If you’ve ever wanted to step into the shoes of an office-based Grim Reaper, Placeholder Gameworks has a game for you!
Combining influences from such titles as ‘Papers, Please’, ‘Reigns’, ‘Beholder’, ‘Animal Inspector’ and more, ‘Death and Taxes’ offers players the chance to complete paperwork reaping’s in the hopes of earning what would possibly amount to the ever-coveted Office Reaper of the Month Award (or… is it?).
L: Leene Künnap, creative lead / digital artist.
O: Ott Madis Ozolit, tech lead / programmer.
AltWire: Hi! Thanks so much for taking the time to answer some questions about the game, and of course congratulations for the recent success Death and Taxes has received! First off, what would you say first inspired the concept of an office-dwelling Grim Reaper?
L (Placeholder Gameworks): I have always liked Grim Reapers and media about them. The character is usually shown as an evil character but I like the depictions that show them in a neutral/positive way. I really like Terry Pratchett’s grim, the grim from Grim Adventures of Billy and Mandy and so on. In western society, death is a touchy and hushed subject and I think it shouldn’t be. There is a movement called Death Positivity and we like to think that we are a part of it.
The idea of Death being an office worker came from a small animation called “Zing” (this one: https://www.youtube.com/watch?v=o5uKdPtY8TU). The problem of Death being a worker that decides about ending or not ending the life of a person based just on a piece of paper is an interesting moral dilemma, and suits well in an interactive setting where people can think about their own values.
AW: There are a lot of really wonderful influences peppered throughout the game, where would you say some of the core design choices’ inspiration came from – such as the art style?
L (Placeholder Gameworks): The art style is mainly inspired by old comic books and watercolor paintings mixed together. The setting is a mixture of different ages, showing that the office building/hotel where the game takes place has been there for a long time. There are smartphones but the office is still stuck in the nineties with fax machines and physical papers. There are a lot of elements from different ages and cultures, symbols like the ankh from Ancient Egypt and bright colours/masks from the Mexican holiday about death (Día de Muertos).
O (Placeholder Gameworks): Besides the art, there are influences in the game’s design from various media. There is a certain element of ruthless satire, akin to Terry Pratchett’s or George Orwell’s writing. We have discussions about moral philosophy, most notably utilitarianism and existentialism, and these topics weighed in heavily on our decisions when it came to gameplay and game feel. We wanted even the game’s most basic framework to support the story that we wanted to tell.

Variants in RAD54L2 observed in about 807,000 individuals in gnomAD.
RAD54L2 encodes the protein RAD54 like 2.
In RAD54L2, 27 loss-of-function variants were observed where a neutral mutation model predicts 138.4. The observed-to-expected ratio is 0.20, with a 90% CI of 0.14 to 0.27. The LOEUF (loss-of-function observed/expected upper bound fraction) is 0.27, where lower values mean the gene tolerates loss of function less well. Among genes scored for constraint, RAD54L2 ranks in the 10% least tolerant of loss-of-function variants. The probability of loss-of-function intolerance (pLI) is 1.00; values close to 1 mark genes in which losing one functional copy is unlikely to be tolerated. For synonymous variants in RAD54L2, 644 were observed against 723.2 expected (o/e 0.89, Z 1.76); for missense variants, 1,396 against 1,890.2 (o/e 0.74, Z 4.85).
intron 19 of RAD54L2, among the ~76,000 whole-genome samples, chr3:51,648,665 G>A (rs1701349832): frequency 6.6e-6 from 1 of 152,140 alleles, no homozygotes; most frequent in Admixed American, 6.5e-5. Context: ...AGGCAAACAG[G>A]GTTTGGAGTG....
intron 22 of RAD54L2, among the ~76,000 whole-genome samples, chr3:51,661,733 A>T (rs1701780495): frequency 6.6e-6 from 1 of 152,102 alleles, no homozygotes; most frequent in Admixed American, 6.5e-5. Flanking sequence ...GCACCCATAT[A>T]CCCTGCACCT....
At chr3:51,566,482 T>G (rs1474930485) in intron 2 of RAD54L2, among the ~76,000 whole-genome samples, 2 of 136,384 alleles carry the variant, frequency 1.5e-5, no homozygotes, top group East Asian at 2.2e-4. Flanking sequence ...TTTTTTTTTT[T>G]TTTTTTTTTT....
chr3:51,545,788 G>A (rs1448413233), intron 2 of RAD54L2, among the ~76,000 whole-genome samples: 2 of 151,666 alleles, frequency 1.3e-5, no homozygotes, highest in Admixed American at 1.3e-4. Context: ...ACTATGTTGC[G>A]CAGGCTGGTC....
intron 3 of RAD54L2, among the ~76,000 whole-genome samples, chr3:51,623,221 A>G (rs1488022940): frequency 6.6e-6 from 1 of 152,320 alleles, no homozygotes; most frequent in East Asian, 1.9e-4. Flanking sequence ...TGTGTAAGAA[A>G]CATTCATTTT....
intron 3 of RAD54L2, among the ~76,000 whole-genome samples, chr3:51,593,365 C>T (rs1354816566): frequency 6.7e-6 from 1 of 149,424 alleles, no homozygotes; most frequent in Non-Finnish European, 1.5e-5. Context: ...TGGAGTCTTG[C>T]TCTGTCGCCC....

AW: As noted in the Bad Ghosts review, we can’t help but notice some sneaky references in the game! Are there any favorites in the game that fans have perhaps missed/had a hard time recognizing?
L: Oh boy, there are so many good ones to choose from. I snicker every time I hear the character Fate say: “Papers, please, where are you.” while looking for some papers on his desk. That is, of course, a reference to the game “Papers, Please!” which was one of the inspirations for the main mechanic of the game. To be honest, I might not even know all of the references that went in the about 580 handcrafted profiles from our writers. But I managed to hide a surprising amount of Batman references to the customization of the main character with visual items from Harley Quinn, The Joker and also Batman himself. There is even a special profile for “Brooke Way”, a vigilante (tee-hee). Also there is a profile for the plant that a lot of people overwater by accident in Life is Strange.
O: There’s a lot of cool stuff. There are references to certain bands and their song lyrics, like Library Tapes, for one. I won’t spoil which ones are there, though. We tried to balance out nods and references to more popular subjects with more obscure ones, too. There are various events and people we reference that have been personal inspirations in our lives or for this particular game. It would be impossible to count them all, I think. One of my own favorites that I wrote in was a hypothetical grandmother of Guybrush Threepwood from the Monkey Island series, which I only really reference by the grandmother’s strange affinity to porcelain. It’s kind of like a low-key love letter to all the wonderful, creative people out there, gamedevs or otherwise.